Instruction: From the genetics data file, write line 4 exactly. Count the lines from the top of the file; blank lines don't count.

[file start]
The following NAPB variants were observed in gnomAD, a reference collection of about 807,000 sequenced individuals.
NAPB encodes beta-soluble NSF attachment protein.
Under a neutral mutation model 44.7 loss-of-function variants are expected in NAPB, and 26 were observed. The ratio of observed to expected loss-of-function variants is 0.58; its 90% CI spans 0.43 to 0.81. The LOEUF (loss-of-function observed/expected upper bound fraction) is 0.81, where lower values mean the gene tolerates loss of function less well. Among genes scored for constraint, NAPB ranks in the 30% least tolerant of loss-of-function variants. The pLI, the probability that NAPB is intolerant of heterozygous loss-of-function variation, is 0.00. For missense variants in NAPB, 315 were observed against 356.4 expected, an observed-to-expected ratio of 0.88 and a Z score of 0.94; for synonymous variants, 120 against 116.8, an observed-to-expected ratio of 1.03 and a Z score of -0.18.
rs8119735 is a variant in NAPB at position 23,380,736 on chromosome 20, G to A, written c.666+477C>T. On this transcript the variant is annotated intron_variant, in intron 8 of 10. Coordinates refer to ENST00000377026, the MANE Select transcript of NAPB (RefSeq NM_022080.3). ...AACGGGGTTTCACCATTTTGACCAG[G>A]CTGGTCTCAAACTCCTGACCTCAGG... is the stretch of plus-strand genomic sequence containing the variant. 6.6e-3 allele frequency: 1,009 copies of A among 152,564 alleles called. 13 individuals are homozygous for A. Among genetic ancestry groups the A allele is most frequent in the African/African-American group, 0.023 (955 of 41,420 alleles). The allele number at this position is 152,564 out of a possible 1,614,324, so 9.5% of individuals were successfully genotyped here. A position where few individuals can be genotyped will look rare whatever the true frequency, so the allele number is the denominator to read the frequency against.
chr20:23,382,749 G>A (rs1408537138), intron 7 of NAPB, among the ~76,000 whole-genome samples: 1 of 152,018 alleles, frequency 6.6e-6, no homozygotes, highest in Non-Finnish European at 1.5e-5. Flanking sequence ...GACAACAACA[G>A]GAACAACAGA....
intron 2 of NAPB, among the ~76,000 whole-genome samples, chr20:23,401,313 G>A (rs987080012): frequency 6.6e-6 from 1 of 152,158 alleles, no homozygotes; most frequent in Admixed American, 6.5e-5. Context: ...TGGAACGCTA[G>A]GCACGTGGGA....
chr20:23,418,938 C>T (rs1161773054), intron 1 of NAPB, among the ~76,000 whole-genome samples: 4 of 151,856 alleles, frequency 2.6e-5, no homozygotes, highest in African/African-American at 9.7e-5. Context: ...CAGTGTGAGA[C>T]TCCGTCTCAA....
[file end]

rs8119735 is a variant in NAPB at position 23,380,736 on chromosome 20, G to A, written c.666+477C>T. On this transcript the variant is annotated intron_variant, in intron 8 of 10. Coordinates refer to ENST00000377026, the MANE Select transcript of NAPB (RefSeq NM_022080.3). ...AACGGGGTTTCACCATTTTGACCAG[G>A]CTGGTCTCAAACTCCTGACCTCAGG... is the stretch of plus-strand genomic sequence containing the variant. 6.6e-3 allele frequency: 1,009 copies of A among 152,564 alleles called. 13 individuals are homozygous for A. Among genetic ancestry groups the A allele is most frequent in the African/African-American group, 0.023 (955 of 41,420 alleles). The allele number at this position is 152,564 out of a possible 1,614,324, so 9.5% of individuals were successfully genotyped here. A position where few individuals can be genotyped will look rare whatever the true frequency, so the allele number is the denominator to read the frequency against.